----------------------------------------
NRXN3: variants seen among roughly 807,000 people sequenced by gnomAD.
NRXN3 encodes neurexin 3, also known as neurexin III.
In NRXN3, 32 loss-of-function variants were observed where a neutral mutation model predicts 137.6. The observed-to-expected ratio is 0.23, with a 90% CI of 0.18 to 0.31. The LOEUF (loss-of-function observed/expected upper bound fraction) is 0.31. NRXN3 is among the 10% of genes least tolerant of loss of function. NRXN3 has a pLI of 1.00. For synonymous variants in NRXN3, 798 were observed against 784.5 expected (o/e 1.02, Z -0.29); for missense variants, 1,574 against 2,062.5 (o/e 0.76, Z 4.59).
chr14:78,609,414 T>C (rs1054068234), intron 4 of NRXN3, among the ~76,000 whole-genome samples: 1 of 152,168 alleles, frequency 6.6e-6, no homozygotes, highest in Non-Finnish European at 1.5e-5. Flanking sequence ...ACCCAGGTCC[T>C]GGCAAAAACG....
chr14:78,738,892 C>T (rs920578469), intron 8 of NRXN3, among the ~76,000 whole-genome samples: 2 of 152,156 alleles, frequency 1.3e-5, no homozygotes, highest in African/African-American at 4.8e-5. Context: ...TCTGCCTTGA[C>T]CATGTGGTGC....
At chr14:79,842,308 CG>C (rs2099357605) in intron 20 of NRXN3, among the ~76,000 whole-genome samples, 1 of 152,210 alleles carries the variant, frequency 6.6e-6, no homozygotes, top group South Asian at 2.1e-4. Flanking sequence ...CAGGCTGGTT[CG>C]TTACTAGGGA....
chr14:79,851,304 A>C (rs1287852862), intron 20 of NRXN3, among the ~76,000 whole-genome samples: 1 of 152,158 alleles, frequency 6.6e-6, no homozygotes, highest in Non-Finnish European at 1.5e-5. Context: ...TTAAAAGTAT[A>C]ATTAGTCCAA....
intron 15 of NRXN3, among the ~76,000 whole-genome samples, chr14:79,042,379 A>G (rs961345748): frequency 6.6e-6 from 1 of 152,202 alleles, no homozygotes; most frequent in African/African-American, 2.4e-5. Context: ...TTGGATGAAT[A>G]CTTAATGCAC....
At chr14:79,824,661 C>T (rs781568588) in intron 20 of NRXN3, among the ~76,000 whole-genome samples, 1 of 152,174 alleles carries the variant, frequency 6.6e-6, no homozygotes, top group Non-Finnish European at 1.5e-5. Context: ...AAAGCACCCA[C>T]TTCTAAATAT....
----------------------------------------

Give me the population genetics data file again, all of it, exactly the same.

NRXN3: variants seen among roughly 807,000 people sequenced by gnomAD.
NRXN3 encodes neurexin 3, also known as neurexin III.
In NRXN3, 32 loss-of-function variants were observed where a neutral mutation model predicts 137.6. The observed-to-expected ratio is 0.23, with a 90% CI of 0.18 to 0.31. The LOEUF (loss-of-function observed/expected upper bound fraction) is 0.31. NRXN3 is among the 10% of genes least tolerant of loss of function. NRXN3 has a pLI of 1.00. For synonymous variants in NRXN3, 798 were observed against 784.5 expected (o/e 1.02, Z -0.29); for missense variants, 1,574 against 2,062.5 (o/e 0.76, Z 4.59).
chr14:78,609,414 T>C (rs1054068234), intron 4 of NRXN3, among the ~76,000 whole-genome samples: 1 of 152,168 alleles, frequency 6.6e-6, no homozygotes, highest in Non-Finnish European at 1.5e-5. Flanking sequence ...ACCCAGGTCC[T>C]GGCAAAAACG....
chr14:78,738,892 C>T (rs920578469), intron 8 of NRXN3, among the ~76,000 whole-genome samples: 2 of 152,156 alleles, frequency 1.3e-5, no homozygotes, highest in African/African-American at 4.8e-5. Context: ...TCTGCCTTGA[C>T]CATGTGGTGC....
At chr14:79,842,308 CG>C (rs2099357605) in intron 20 of NRXN3, among the ~76,000 whole-genome samples, 1 of 152,210 alleles carries the variant, frequency 6.6e-6, no homozygotes, top group South Asian at 2.1e-4. Flanking sequence ...CAGGCTGGTT[CG>C]TTACTAGGGA....
chr14:79,851,304 A>C (rs1287852862), intron 20 of NRXN3, among the ~76,000 whole-genome samples: 1 of 152,158 alleles, frequency 6.6e-6, no homozygotes, highest in Non-Finnish European at 1.5e-5. Context: ...TTAAAAGTAT[A>C]ATTAGTCCAA....
intron 15 of NRXN3, among the ~76,000 whole-genome samples, chr14:79,042,379 A>G (rs961345748): frequency 6.6e-6 from 1 of 152,202 alleles, no homozygotes; most frequent in African/African-American, 2.4e-5. Context: ...TTGGATGAAT[A>G]CTTAATGCAC....
At chr14:79,824,661 C>T (rs781568588) in intron 20 of NRXN3, among the ~76,000 whole-genome samples, 1 of 152,174 alleles carries the variant, frequency 6.6e-6, no homozygotes, top group Non-Finnish European at 1.5e-5. Context: ...AAAGCACCCA[C>T]TTCTAAATAT....